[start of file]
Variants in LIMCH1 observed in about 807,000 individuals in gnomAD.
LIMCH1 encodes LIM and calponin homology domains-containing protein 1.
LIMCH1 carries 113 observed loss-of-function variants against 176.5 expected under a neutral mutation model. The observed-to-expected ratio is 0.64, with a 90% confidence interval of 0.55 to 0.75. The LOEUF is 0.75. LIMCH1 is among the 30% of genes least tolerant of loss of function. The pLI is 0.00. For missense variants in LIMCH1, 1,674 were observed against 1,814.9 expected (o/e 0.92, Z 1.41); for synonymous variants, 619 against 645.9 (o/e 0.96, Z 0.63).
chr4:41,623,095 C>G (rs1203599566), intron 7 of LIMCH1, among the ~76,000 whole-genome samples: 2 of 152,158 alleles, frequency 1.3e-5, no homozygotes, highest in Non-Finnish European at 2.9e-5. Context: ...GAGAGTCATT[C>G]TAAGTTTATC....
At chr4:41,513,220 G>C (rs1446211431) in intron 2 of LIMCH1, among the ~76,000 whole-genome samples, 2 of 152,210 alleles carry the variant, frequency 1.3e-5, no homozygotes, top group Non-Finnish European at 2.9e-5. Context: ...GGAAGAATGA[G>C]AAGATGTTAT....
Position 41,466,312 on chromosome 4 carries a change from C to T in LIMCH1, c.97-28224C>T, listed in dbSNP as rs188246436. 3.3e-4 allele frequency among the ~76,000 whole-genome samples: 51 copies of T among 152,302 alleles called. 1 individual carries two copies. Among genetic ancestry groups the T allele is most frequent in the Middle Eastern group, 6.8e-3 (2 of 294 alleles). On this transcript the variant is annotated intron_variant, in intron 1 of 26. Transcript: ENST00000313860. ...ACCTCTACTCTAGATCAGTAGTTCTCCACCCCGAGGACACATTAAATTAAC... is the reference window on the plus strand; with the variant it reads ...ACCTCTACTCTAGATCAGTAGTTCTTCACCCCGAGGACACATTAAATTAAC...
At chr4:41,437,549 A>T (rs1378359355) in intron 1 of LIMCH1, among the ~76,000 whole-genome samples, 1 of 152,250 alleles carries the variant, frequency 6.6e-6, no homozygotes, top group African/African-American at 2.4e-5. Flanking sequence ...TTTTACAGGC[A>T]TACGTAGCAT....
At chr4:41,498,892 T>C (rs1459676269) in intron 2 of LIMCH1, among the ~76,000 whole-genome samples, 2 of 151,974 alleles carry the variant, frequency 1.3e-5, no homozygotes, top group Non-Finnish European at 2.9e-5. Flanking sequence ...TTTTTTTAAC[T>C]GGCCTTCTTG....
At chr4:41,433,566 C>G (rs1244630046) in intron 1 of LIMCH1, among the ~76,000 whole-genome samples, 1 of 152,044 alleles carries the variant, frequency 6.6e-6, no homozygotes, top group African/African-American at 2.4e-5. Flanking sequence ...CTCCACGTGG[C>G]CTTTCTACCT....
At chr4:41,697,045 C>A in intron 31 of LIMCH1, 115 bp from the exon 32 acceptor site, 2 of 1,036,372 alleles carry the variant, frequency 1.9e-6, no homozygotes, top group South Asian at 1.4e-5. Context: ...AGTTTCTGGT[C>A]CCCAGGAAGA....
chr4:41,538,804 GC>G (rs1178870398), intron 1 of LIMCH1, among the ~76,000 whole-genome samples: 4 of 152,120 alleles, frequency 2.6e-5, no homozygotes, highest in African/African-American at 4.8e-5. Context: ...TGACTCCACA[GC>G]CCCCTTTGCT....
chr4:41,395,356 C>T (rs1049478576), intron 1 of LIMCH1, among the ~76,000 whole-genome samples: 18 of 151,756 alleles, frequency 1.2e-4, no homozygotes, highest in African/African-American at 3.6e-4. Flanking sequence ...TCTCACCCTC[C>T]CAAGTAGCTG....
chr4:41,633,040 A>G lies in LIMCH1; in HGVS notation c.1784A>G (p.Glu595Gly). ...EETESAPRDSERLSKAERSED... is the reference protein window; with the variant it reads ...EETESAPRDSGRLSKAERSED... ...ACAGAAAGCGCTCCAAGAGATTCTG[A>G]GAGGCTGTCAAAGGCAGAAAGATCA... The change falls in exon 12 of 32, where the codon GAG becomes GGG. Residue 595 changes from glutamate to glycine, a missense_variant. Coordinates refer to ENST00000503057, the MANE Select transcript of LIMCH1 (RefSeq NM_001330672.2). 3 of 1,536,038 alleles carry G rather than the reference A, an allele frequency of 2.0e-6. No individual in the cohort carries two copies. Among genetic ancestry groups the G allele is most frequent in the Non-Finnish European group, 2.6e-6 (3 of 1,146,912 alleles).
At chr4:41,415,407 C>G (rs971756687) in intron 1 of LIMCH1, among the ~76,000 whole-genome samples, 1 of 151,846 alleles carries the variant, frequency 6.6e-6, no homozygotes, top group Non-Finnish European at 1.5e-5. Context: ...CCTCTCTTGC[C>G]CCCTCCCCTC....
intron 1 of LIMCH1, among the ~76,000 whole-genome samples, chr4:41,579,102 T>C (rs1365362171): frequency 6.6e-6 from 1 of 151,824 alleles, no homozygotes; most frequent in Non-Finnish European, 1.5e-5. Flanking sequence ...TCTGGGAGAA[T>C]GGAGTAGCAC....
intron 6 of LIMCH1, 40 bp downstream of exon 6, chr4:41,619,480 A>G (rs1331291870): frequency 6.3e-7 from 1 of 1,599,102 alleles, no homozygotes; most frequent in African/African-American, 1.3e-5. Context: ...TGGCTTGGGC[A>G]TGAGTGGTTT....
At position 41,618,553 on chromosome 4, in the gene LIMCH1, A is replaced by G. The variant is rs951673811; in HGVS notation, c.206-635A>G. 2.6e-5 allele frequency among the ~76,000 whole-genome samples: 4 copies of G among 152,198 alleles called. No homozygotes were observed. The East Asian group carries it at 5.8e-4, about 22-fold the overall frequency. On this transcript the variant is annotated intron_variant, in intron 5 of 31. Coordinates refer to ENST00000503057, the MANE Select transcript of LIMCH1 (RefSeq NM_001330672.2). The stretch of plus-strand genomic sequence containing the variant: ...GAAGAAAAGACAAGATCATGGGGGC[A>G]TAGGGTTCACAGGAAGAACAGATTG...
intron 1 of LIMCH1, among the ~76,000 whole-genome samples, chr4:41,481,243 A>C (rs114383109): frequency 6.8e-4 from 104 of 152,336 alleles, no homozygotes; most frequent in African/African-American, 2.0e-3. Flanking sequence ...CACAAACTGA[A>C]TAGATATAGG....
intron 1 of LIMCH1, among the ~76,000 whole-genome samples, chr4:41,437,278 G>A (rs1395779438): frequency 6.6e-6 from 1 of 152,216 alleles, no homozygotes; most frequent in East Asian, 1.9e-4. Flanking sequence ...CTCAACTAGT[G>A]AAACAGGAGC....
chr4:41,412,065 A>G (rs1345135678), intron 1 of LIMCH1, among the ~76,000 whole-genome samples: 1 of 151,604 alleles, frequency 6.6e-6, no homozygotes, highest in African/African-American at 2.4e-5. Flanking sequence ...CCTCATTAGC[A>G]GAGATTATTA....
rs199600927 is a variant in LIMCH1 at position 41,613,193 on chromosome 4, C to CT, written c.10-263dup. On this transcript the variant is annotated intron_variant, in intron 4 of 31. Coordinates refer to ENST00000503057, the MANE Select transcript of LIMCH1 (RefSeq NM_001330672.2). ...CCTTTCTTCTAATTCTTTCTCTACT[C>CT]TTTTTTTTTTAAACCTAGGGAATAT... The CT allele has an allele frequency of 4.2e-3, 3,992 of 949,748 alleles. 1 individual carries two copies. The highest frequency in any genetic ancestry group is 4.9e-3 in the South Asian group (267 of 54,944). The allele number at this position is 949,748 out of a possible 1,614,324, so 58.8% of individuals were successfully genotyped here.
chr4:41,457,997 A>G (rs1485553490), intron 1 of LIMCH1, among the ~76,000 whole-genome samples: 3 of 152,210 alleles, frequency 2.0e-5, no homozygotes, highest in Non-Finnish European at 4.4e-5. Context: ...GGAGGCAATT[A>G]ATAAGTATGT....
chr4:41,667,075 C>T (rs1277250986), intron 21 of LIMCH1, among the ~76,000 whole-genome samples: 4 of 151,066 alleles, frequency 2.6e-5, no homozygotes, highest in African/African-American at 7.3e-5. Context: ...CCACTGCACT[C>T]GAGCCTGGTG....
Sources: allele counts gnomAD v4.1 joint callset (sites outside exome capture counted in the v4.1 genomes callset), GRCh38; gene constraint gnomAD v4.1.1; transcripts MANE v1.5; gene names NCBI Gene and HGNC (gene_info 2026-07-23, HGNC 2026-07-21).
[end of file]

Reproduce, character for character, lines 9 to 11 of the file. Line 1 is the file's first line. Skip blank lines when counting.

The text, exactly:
At chr4:41,433,566 C>G (rs1244630046) in intron 1 of LIMCH1, among the ~76,000 whole-genome samples, 1 of 152,044 alleles carries the variant, frequency 6.6e-6, no homozygotes, top group African/African-American at 2.4e-5. Flanking sequence ...CTCCACGTGG[C>G]CTTTCTACCT....
At chr4:41,697,045 C>A in intron 31 of LIMCH1, 115 bp from the exon 32 acceptor site, 2 of 1,036,372 alleles carry the variant, frequency 1.9e-6, no homozygotes, top group South Asian at 1.4e-5. Context: ...AGTTTCTGGT[C>A]CCCAGGAAGA....
chr4:41,538,804 GC>G (rs1178870398), intron 1 of LIMCH1, among the ~76,000 whole-genome samples: 4 of 152,120 alleles, frequency 2.6e-5, no homozygotes, highest in African/African-American at 4.8e-5. Context: ...TGACTCCACA[GC>G]CCCCTTTGCT....